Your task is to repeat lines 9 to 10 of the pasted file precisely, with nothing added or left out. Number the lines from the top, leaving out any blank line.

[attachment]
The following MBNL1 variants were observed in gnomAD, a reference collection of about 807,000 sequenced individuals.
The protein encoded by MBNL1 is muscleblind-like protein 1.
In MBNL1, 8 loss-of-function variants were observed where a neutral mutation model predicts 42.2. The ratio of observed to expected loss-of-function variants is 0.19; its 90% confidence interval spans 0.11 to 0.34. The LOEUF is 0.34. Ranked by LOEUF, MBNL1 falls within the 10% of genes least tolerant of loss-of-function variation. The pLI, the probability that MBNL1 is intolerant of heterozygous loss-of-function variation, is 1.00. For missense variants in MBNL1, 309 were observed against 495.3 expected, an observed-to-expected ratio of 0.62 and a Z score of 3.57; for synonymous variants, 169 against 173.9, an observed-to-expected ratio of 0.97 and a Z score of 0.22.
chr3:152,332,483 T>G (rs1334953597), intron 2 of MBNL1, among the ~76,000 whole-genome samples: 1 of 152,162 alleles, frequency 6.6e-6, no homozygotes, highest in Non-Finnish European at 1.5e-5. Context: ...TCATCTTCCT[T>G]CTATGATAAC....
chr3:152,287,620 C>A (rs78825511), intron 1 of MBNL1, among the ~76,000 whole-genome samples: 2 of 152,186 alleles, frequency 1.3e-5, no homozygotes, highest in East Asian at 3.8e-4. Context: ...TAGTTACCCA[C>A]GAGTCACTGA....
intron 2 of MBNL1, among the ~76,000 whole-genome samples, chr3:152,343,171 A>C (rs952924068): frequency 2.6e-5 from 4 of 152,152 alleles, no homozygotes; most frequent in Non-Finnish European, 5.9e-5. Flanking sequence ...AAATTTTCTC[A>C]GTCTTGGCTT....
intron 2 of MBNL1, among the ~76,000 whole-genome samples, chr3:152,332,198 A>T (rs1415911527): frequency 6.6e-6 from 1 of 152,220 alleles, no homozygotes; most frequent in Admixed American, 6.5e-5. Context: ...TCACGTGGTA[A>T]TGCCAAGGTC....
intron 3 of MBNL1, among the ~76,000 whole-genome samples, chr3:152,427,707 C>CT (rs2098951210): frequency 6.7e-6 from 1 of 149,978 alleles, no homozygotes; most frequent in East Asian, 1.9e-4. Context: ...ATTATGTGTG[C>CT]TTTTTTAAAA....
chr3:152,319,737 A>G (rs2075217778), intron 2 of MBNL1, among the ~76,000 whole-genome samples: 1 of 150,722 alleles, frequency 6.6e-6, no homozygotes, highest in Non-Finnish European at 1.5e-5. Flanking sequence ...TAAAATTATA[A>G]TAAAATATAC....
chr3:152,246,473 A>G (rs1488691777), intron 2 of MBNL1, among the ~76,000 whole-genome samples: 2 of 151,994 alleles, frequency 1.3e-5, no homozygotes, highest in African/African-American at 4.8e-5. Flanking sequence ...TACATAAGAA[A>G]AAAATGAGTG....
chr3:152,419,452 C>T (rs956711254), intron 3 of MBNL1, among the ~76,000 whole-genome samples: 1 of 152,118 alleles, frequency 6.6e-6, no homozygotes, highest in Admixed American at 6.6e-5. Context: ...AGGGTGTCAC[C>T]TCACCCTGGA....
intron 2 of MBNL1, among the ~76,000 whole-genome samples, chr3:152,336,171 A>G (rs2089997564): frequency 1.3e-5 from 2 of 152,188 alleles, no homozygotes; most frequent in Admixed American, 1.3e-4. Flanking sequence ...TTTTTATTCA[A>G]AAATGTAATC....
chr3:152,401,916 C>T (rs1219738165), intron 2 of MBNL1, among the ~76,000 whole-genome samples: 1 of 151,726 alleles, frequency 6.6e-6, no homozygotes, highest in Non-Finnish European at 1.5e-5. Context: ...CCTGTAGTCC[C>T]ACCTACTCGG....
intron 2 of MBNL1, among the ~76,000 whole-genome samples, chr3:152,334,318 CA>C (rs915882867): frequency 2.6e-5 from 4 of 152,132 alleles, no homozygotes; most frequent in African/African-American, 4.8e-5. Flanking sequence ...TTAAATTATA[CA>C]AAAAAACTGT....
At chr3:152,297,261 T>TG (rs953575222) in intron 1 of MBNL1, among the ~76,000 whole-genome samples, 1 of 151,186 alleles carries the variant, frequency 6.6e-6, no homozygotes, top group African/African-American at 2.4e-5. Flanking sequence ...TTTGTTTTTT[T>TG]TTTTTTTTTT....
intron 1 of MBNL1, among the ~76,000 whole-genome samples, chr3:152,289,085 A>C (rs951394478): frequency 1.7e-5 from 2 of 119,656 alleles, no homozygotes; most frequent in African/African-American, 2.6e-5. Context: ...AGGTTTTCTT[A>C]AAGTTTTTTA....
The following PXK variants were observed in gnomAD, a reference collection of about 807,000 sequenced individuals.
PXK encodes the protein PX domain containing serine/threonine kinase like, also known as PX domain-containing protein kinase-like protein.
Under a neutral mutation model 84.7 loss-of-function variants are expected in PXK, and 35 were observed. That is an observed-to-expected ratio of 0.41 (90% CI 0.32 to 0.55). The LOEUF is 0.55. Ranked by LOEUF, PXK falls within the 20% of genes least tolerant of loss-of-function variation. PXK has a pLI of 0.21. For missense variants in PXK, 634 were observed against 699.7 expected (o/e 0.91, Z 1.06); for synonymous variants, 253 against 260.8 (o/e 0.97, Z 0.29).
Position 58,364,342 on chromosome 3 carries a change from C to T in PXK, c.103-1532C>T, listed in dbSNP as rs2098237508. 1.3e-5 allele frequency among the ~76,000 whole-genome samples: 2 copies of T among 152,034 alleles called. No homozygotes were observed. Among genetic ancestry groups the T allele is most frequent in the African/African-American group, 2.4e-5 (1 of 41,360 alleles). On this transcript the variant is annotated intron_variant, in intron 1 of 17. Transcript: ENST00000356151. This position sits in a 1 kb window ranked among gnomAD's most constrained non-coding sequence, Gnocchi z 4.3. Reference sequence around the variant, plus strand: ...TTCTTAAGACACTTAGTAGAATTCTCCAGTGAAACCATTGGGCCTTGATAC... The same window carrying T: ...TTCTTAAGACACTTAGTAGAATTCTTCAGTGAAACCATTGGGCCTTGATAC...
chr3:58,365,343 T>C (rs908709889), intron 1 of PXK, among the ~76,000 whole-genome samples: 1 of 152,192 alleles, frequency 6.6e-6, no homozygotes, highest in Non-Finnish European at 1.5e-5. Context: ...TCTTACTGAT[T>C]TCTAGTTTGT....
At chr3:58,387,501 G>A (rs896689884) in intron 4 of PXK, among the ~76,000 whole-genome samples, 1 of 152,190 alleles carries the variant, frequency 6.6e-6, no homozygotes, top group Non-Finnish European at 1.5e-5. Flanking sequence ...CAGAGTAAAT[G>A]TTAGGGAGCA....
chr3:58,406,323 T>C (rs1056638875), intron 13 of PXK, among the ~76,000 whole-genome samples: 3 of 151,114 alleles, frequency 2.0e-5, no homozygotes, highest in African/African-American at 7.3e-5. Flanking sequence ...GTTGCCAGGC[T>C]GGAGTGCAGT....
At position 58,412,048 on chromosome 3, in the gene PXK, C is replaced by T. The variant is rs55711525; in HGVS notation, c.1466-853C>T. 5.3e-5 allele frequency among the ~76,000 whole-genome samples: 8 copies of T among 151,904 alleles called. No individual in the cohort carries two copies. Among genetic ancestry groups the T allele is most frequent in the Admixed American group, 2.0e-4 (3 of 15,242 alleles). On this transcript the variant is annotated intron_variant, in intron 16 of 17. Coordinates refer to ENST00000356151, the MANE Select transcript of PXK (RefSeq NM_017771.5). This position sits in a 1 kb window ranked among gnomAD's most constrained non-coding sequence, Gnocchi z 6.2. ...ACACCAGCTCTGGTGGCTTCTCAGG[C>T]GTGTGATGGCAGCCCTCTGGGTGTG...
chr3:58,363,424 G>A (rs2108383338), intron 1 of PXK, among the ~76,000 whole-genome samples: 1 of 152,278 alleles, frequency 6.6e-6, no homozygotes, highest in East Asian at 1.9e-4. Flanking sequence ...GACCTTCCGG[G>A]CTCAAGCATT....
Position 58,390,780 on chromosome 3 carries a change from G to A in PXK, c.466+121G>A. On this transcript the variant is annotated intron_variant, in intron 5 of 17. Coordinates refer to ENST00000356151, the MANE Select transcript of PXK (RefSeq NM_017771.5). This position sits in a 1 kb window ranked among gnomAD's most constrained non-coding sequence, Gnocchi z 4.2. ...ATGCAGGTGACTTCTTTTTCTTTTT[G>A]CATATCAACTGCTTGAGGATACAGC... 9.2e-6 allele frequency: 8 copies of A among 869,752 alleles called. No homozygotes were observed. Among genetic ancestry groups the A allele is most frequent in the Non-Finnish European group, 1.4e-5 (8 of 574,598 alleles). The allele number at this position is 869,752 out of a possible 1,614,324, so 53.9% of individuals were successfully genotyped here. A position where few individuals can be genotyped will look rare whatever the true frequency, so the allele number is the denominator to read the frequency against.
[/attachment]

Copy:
chr3:152,319,737 A>G (rs2075217778), intron 2 of MBNL1, among the ~76,000 whole-genome samples: 1 of 150,722 alleles, frequency 6.6e-6, no homozygotes, highest in Non-Finnish European at 1.5e-5. Flanking sequence ...TAAAATTATA[A>G]TAAAATATAC....
chr3:152,246,473 A>G (rs1488691777), intron 2 of MBNL1, among the ~76,000 whole-genome samples: 2 of 151,994 alleles, frequency 1.3e-5, no homozygotes, highest in African/African-American at 4.8e-5. Flanking sequence ...TACATAAGAA[A>G]AAAATGAGTG....